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I have a generic method

public delegate void Handler<T>(T val);

I enable users to register to events and provide this delegate. I need to save the list of delegate according to their types.

I tried saving in a dictionary of Type and object. when adding the method I cast it to a

List<Handler<T>>

according to the T. but then when an event occurred I do not have the T so cannot cast to the relevant list of generic handlers (I do have the Type but not the T)

I solved this by saving methodInfo list for each type

  private Dictionary<Type, List<MethodInfo>>  handlers = new Dictionary<Type, List<MethodInfo>>();

    public delegate void Handler<T>(T val);


    public void Register<T>( Handler<T> handler )
    {
        List<MethodInfo> lst;
        if (!handlers.TryGetValue(typeof(T), out lst))
        {
            lst = new List<MethodInfo>();
            handlers.Add(typeof(T), lst);
        }
       lst.Add(handler.Method);

    }

    public void RaiseEvent( string value)
    {
       foreach (KeyValuePair<Type, List<MethodInfo>> pair in handlers)
            {
                object typedValue;

                if (pair.Key.IsEnum)
                {
                    typedValue = Enum.Parse(pair.Key, value);
                }
                else
                {
                    typedValue = Convert.ChangeType(value, pair.Key);
                }

                foreach (MethodInfo  methodInfo  in pair.Value )
                {
                    methodInfo.Invoke(null, new[] { typedValue });
                }
            }
        }
    }

but the problem is that this approach will work only if the method is static , otherwise it will require the type of class.

is there any solution for this problem???

enable generic events... thanks!

share|improve this question
    
can you apply where clause ? –  D J Jan 24 '13 at 8:40
    
Convert.ChangeType(value, pair.Key); --> this will never work because ChangeType requires the value to implement IConvertible, which List<MethodInfo> does not. –  Eren Ersönmez Jan 24 '13 at 8:46
    
Where does T come from? Is it a type parameter for a class or for a method? What exactly are you trying to achieve? –  Sebastian Krysmanski Jan 24 '13 at 8:53
    
Could you model your Handler to have public delegate void Handler<T>(object sender, T val)? This will give you the instance of the sender. –  Srikanth Venugopalan Jan 24 '13 at 8:55
    
@ D J, where clause can be added as where T:struct, I expect most Types to be enums. @ Eren Ersönmez , I'll update the code, Value is of type string. @ Sebastian Krysmansk T comes from the method call. will update the code @ Srikanth Venugopalan , I thought of that's rather not but if there's no other solution might do that. –  user271077 Jan 24 '13 at 9:26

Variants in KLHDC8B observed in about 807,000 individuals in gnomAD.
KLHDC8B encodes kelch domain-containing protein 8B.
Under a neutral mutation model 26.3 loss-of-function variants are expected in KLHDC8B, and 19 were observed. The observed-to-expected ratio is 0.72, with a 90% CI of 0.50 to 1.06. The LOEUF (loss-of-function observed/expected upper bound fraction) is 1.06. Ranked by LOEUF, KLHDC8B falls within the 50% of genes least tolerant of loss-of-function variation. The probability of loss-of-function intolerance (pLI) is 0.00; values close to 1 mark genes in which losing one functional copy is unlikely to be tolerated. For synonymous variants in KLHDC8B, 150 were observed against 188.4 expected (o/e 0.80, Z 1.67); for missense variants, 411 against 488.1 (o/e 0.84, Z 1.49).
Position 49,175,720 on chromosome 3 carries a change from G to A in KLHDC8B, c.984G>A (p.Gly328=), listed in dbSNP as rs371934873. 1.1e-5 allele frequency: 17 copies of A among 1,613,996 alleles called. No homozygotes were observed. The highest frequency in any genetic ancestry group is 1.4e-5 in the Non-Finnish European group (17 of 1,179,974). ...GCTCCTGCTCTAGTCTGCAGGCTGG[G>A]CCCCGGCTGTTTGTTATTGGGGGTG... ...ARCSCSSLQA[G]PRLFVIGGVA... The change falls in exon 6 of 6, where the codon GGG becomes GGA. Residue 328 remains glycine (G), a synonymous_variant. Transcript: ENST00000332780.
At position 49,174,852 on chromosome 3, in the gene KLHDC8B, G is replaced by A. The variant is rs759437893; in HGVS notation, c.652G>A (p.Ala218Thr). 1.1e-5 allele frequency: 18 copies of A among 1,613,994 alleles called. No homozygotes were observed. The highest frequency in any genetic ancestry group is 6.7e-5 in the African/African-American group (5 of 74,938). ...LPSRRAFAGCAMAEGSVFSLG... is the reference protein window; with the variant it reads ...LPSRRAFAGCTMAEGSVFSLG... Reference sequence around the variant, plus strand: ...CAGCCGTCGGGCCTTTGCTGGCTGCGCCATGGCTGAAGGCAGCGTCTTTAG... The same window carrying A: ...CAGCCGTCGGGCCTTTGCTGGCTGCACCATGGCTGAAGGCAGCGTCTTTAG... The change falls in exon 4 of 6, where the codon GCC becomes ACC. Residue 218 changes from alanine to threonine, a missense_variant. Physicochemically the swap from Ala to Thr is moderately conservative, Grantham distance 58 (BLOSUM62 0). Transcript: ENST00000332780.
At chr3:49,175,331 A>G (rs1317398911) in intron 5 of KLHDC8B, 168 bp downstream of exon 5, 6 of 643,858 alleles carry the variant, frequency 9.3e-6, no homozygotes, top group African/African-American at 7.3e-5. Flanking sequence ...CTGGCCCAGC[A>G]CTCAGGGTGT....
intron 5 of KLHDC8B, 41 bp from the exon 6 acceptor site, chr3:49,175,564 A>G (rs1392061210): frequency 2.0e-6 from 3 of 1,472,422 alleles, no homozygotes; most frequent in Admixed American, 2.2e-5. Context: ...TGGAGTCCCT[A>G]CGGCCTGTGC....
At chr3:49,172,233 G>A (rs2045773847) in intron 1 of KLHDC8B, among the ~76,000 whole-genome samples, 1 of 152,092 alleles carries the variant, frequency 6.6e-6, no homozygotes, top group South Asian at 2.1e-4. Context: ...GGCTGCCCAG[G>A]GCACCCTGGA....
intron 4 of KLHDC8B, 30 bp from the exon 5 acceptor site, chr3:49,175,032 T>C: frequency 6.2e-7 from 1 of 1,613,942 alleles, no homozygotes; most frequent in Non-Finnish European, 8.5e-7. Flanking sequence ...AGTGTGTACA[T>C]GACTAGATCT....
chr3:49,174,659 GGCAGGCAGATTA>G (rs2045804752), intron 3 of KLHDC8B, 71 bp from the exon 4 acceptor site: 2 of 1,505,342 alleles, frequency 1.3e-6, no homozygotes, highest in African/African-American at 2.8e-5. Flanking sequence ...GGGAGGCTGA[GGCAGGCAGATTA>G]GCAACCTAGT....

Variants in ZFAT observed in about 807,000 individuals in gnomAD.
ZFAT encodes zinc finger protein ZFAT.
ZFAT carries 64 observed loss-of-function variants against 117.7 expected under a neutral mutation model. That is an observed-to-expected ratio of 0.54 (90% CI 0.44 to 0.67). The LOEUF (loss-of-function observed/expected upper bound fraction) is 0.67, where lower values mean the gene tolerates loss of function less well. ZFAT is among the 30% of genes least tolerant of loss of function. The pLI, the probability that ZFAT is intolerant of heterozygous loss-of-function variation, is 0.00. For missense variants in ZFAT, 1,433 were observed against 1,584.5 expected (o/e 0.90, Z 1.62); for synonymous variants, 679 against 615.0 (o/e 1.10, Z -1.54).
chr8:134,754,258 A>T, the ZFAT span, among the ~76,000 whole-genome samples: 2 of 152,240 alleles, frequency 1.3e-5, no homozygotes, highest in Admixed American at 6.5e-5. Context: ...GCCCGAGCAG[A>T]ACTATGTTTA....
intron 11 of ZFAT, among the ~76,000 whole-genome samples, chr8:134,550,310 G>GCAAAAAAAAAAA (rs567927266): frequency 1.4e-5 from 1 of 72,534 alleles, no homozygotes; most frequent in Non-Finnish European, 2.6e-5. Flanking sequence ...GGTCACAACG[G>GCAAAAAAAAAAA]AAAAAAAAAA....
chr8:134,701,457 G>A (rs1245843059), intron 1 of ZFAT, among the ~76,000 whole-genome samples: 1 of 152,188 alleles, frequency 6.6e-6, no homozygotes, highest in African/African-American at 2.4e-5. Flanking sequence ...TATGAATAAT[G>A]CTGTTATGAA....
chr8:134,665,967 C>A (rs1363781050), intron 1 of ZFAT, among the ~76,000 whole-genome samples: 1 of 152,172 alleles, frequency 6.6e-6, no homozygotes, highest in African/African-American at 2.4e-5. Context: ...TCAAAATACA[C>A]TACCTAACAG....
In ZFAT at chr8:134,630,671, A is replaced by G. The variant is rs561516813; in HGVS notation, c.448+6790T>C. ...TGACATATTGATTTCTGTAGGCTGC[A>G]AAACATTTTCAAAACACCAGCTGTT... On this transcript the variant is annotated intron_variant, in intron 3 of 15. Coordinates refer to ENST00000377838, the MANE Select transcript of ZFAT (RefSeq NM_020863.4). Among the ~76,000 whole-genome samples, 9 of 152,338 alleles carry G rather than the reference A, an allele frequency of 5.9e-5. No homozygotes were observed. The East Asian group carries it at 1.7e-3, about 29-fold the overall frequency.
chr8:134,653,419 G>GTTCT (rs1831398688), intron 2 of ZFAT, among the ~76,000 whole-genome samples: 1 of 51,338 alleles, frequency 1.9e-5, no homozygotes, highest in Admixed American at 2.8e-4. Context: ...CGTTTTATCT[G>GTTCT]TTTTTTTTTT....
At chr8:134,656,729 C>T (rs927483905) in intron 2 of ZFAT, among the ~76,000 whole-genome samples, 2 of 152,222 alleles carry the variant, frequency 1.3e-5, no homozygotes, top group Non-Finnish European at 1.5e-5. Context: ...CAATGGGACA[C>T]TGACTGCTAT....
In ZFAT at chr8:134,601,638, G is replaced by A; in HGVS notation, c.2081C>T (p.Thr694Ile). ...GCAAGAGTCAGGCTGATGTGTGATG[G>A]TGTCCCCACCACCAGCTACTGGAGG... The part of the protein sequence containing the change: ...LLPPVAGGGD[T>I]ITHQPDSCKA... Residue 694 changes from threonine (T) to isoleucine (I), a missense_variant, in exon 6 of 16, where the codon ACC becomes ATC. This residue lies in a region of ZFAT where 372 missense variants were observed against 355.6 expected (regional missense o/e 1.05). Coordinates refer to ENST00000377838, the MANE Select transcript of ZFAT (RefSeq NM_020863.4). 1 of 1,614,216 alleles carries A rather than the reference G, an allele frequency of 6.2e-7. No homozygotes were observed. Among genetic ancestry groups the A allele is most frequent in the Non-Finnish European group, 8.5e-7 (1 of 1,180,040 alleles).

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2 Answers

up vote 3 down vote accepted

Maybe this will help:

public delegate void Handler<in T>(T val);

private List<Delegate> m_list = new List<Delegate>();

public void AddListener<T>(Handler<T> handler) {
  m_list.Add(handler);
}

public void Call(object eventArg) {
  foreach (var handler in m_list) {
    handler.DynamicInvoke(eventArg);
  }
}

Then, if you have a handler like this:

private void MyHandler(int val) {
  // Do something
}

You can add it to the list like this:

AddListener<int>(MyHandler);

(This assumes I correctly understood what you're trying to do. I'm not sure though.)

share|improve this answer
    
Thanks a lot!!! that's exactly what I was looking for :) –  user271077 Jan 24 '13 at 9:36
    
@user271077 I'm still not sure what you're trying to achieve here. What happens if one passes an eventArg that can't be cast to one of the handlers' accepted parameter type? –  Sebastian Krysmanski Jan 24 '13 at 9:49
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You could also make a handler repository using a non-generic delegate, something like:

public delegate void Handler(object val);
public delegate void Handler<T>(T val);

public class HandlerRepository
{
  private Dictionary<Type, Handler>  handlers = new Dictionary<Type, Handler>();

  public void RegisterHandler<T>(Handler<T> handler)
  {
     //error checking omitted
     //create a non-generic handler that calls the generic handler 
     //with the correct type.
     handlers.Add(typeof(T), (value)=>handler((T)value));
  }

  public void ExecuteHandler<T>(T value)
  {
     //error checking ommited
     handlers[typeof(T)](value);
  }
}

and use it like this:

Handler<int> handleInt = value => Console.WriteLine("Int32 is {0}", value);
Handler<string> handleString = value => Console.WriteLine("String is {0}", value);
HandlerRepository repo = new HandlerRepository();
repo.RegisterHandler(handleInt);
repo.RegisterHandler(handleString);

//this call boxes the argument to an object   
repo.ExecuteHandler(5);  // "Int32 is 5"
repo.ExecuteHandler("Hello, world"); "String is Hello, world"
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